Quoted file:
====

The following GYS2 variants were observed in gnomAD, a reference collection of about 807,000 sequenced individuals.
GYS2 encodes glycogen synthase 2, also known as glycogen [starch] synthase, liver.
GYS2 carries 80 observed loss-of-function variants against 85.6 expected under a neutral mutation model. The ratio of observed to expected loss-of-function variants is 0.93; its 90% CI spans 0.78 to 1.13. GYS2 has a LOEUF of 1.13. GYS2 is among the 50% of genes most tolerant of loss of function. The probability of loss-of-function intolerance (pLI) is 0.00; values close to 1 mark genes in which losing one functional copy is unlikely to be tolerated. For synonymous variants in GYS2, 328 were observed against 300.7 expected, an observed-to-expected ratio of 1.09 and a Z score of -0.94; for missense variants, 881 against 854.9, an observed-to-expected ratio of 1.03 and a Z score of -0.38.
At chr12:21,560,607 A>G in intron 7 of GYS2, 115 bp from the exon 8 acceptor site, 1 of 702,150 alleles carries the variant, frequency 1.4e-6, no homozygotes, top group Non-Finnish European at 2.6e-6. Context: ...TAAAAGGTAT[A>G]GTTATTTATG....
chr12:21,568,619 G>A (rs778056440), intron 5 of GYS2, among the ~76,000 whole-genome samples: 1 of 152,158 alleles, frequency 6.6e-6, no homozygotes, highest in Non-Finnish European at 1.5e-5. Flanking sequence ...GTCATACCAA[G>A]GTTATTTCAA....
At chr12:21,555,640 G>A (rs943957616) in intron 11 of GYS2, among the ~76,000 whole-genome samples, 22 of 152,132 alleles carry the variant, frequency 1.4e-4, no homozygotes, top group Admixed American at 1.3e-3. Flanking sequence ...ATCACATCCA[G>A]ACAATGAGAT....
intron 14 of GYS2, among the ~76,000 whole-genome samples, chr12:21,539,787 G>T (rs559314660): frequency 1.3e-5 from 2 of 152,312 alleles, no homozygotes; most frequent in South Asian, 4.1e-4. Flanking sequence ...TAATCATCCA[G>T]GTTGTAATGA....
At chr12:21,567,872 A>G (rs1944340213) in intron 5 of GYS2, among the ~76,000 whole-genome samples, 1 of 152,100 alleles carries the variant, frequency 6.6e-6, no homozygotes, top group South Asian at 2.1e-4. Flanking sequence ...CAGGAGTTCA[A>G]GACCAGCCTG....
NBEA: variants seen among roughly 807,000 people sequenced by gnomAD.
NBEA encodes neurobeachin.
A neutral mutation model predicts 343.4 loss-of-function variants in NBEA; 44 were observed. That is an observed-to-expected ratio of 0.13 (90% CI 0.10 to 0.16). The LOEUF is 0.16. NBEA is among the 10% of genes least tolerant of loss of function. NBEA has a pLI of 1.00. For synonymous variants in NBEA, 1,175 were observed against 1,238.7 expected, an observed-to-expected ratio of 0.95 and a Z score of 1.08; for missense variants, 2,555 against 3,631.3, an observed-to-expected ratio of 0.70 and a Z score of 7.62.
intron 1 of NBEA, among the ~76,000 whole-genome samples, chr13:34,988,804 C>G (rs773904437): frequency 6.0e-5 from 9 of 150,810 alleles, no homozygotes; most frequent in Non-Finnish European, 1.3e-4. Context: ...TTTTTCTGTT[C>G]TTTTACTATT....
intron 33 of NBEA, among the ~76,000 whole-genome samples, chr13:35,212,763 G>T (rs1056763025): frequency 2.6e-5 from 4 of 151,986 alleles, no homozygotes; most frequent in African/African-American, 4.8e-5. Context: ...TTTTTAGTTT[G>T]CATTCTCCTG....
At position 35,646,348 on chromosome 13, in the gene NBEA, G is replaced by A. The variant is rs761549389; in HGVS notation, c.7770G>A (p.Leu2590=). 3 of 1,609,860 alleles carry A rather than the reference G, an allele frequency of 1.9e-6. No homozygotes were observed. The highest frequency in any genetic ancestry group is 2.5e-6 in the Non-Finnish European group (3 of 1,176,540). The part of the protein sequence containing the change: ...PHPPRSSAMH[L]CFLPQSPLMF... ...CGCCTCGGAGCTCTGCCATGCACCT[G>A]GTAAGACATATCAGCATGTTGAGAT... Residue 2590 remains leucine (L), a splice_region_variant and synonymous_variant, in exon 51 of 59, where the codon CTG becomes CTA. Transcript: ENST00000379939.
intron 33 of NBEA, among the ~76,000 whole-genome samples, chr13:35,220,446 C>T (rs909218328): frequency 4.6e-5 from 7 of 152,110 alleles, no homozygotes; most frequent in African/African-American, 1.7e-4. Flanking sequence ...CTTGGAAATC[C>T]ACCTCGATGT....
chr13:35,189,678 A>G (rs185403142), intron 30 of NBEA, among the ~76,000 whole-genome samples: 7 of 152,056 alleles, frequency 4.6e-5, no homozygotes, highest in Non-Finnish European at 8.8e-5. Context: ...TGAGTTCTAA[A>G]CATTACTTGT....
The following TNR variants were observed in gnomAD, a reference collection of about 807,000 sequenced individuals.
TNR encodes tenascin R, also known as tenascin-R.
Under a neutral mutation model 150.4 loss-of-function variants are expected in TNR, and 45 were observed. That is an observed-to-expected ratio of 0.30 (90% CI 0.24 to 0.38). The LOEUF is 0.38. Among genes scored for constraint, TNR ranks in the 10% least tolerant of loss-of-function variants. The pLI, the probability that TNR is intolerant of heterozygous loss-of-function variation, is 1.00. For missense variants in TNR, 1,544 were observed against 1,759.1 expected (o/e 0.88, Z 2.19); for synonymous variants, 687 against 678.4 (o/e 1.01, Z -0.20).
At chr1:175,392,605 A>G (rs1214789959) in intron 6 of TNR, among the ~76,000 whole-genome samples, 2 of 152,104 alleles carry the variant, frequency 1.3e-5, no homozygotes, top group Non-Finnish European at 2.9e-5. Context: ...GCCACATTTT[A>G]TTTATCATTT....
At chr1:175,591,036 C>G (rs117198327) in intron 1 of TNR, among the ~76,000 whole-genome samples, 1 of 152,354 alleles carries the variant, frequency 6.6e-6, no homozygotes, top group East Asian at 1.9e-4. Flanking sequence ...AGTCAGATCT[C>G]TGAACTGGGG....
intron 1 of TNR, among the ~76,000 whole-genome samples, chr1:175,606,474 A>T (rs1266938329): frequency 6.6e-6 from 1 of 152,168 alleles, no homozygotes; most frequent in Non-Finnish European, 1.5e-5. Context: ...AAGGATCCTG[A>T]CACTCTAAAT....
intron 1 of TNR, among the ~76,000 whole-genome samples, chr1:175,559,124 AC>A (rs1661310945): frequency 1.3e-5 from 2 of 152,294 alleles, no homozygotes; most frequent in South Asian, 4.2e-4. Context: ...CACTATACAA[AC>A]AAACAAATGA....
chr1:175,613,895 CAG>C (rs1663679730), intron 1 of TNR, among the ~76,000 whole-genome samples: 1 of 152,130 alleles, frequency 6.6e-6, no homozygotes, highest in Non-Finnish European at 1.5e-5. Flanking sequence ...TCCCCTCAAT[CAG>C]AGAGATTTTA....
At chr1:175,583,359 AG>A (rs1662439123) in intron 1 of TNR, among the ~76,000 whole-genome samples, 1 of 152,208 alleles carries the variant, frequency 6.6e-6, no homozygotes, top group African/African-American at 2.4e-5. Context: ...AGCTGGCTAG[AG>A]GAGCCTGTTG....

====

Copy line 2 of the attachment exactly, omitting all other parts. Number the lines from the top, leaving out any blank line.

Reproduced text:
GYS2 encodes glycogen synthase 2, also known as glycogen [starch] synthase, liver.